Trinidadians and Tobagonians - Economy



Subsistence and Commercial Activities. Since independence, per capita gross domestic product (GDP) has fluctuated with international oil prices. In 1973 per capita GDP was estimated at U.S.$1,180; the figure peaked in 1982 at $6,800 (using official exchange rates) but has declined since then, reportedly to $4,210 in 1987. Trinidad has a large middle class, but there are also extremes of wealth: the wealthiest quintile of the population has 50 percent of GDP, and the poorest, 4 percent. During the oil-boom years, the government sought to end the economy's dependence on the world oil market by establishing state-owned energy-based industries, including a steel mill and a fertilizer plant. The economy's performance in the 1980s indicates, however, that this diversification did not meet its goal. The costly steel mill is now owned and operated by Nucor, a U.S. company. Since the end of World War II, both commercial and subsistence agriculture have declined steadily, although there is evidence of increased food production during the continuing recession; most food, however, continues to be imported.

Industrial Arts. In 1980 Trinidad had a reported literacy rate of 96 percent, and three-quarters of the secondary-school-age population were enrolled in schools in 1986. As a consequence of state educational policies and employment in the petroleum industry, Trinidadians have become a highly skilled industrial labor force. Transemigration has, however, removed a disproportionate number of skilled laborers and professionals. Trinidadians have also developed important organizational, manufacturing, and design skills through the production of the annual Carnival.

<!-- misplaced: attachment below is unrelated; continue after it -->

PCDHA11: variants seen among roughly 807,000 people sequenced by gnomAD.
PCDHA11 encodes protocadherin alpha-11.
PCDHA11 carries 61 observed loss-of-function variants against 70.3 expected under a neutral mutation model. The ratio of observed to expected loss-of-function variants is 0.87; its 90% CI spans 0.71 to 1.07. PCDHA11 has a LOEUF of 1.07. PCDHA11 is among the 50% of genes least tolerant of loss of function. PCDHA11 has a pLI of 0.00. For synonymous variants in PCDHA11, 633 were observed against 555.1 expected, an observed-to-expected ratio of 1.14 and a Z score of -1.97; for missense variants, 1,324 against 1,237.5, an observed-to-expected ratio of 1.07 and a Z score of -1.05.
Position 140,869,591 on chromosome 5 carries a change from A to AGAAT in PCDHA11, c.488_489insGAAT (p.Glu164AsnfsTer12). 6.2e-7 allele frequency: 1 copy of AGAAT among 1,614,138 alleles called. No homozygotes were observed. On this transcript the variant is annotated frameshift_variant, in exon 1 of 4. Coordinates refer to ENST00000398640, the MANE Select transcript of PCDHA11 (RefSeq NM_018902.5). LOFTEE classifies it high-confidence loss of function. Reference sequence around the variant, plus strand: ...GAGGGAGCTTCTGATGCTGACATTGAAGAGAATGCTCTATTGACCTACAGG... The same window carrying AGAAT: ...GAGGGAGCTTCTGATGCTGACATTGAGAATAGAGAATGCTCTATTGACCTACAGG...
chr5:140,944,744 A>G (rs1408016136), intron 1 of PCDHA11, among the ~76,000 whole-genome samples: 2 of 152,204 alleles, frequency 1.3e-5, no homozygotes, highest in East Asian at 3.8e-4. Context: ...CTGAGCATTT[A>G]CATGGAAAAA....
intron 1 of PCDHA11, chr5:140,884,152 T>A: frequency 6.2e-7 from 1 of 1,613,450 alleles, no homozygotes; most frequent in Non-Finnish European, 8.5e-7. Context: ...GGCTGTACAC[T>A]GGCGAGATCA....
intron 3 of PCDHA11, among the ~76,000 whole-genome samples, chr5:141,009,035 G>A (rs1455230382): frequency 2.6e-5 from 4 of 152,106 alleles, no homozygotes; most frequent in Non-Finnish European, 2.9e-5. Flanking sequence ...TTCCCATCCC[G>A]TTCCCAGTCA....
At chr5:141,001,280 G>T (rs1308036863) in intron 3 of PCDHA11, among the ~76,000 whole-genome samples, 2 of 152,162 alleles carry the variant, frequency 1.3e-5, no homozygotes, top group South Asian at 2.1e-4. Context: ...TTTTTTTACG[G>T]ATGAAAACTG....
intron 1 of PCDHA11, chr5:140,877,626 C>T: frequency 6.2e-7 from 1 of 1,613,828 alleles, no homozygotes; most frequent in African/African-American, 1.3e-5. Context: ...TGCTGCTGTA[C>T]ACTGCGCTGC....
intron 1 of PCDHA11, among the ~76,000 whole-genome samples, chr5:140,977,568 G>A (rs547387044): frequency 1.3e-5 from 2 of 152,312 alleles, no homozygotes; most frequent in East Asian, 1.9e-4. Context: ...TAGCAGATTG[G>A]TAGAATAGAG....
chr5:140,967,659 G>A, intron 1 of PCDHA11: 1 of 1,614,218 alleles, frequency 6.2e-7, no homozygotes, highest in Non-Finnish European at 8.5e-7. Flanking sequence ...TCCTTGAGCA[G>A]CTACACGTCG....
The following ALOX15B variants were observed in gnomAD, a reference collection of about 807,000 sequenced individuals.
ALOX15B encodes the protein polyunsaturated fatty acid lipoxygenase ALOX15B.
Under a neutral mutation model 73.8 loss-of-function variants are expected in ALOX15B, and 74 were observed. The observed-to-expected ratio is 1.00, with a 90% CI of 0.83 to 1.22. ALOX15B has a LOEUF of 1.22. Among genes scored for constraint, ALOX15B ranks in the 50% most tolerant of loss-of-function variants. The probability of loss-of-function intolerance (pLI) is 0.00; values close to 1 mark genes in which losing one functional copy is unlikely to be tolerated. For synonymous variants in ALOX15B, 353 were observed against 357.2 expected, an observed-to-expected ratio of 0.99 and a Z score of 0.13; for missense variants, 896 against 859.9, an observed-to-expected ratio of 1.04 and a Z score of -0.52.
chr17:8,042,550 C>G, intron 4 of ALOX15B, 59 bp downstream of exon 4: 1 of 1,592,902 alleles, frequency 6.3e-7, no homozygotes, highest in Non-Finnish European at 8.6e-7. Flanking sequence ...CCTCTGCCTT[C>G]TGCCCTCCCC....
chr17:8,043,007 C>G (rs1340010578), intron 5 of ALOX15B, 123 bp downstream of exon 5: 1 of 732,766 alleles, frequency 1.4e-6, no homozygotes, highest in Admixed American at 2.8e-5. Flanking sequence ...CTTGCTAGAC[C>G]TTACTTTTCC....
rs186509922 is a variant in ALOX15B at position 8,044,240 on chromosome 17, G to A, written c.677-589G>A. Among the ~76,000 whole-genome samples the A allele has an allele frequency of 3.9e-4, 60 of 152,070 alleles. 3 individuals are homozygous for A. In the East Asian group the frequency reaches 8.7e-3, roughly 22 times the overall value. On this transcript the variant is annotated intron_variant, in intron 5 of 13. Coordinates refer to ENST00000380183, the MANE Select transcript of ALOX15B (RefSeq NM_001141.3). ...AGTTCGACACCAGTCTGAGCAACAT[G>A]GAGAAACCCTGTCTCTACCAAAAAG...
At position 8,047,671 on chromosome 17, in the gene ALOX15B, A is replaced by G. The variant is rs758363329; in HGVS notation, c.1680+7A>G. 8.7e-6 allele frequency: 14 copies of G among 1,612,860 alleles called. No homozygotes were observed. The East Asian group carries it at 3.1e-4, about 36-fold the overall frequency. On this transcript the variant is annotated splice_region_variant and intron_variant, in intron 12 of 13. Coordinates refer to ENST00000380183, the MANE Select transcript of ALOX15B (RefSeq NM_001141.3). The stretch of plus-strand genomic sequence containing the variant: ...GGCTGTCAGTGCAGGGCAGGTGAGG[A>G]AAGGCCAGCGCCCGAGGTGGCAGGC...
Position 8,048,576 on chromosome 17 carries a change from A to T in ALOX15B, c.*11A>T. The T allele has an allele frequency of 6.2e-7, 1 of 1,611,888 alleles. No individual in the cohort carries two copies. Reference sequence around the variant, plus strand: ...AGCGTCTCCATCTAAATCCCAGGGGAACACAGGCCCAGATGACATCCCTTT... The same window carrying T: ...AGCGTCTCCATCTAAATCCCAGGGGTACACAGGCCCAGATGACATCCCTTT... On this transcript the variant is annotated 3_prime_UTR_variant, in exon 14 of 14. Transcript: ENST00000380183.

Trade. Two local conglomerates import most consumer and commercial goods. Trinidad has some half-dozen large shopping malls, each with its own supermarket. Until the recession of the mid-1980s, the government restricted the importation of many items and levied large tariffs on others, for the purpose of promoting local production. Only in a very few cases did these policies lead to the development of alternatives to foreign imports. Moreover, large import companies were often able to obtain exemptions from trade restrictions. A "suitcase trade" in light goods—notably clothing—thrived, although such trade was largely outside the official economy. After the elections of 1986, the NAR government adopted a policy of increased trade liberalization, which has largely been continued under the PNM government since 1992. Throughout the postindependence era, the United States has been Trinidad's main trading partner.

Division of Labor. In 1982 some 21 percent of the population was employed in services (including public administration), 19 percent in commerce, 19 percent in construction, 16 percent in mining and manufacturing, and 8 percent in agriculture. Women constituted 33 percent of the labor force in 1982.


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